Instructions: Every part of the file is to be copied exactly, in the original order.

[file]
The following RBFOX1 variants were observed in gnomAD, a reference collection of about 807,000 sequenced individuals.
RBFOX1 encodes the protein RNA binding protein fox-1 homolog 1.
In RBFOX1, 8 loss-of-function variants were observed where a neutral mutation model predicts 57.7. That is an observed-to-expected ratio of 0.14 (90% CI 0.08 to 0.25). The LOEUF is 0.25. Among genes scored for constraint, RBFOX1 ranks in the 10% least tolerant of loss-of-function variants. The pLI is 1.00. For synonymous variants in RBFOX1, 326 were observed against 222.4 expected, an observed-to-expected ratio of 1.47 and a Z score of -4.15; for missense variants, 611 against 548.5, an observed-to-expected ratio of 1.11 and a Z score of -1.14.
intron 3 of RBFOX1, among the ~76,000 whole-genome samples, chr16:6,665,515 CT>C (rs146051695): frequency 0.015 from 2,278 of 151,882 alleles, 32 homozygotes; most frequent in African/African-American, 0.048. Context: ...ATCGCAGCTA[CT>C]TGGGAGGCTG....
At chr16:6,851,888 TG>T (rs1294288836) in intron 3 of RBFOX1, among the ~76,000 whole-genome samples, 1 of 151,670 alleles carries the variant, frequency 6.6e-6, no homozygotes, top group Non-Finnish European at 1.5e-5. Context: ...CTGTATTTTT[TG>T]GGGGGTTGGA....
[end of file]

The following RBFOX1 variants were observed in gnomAD, a reference collection of about 807,000 sequenced individuals.
RBFOX1 encodes the protein RNA binding protein fox-1 homolog 1.
In RBFOX1, 8 loss-of-function variants were observed where a neutral mutation model predicts 57.7. That is an observed-to-expected ratio of 0.14 (90% CI 0.08 to 0.25). The LOEUF is 0.25. Among genes scored for constraint, RBFOX1 ranks in the 10% least tolerant of loss-of-function variants. The pLI is 1.00. For synonymous variants in RBFOX1, 326 were observed against 222.4 expected, an observed-to-expected ratio of 1.47 and a Z score of -4.15; for missense variants, 611 against 548.5, an observed-to-expected ratio of 1.11 and a Z score of -1.14.
intron 3 of RBFOX1, among the ~76,000 whole-genome samples, chr16:6,665,515 CT>C (rs146051695): frequency 0.015 from 2,278 of 151,882 alleles, 32 homozygotes; most frequent in African/African-American, 0.048. Context: ...ATCGCAGCTA[CT>C]TGGGAGGCTG....
At chr16:6,851,888 TG>T (rs1294288836) in intron 3 of RBFOX1, among the ~76,000 whole-genome samples, 1 of 151,670 alleles carries the variant, frequency 6.6e-6, no homozygotes, top group Non-Finnish European at 1.5e-5. Context: ...CTGTATTTTT[TG>T]GGGGGTTGGA....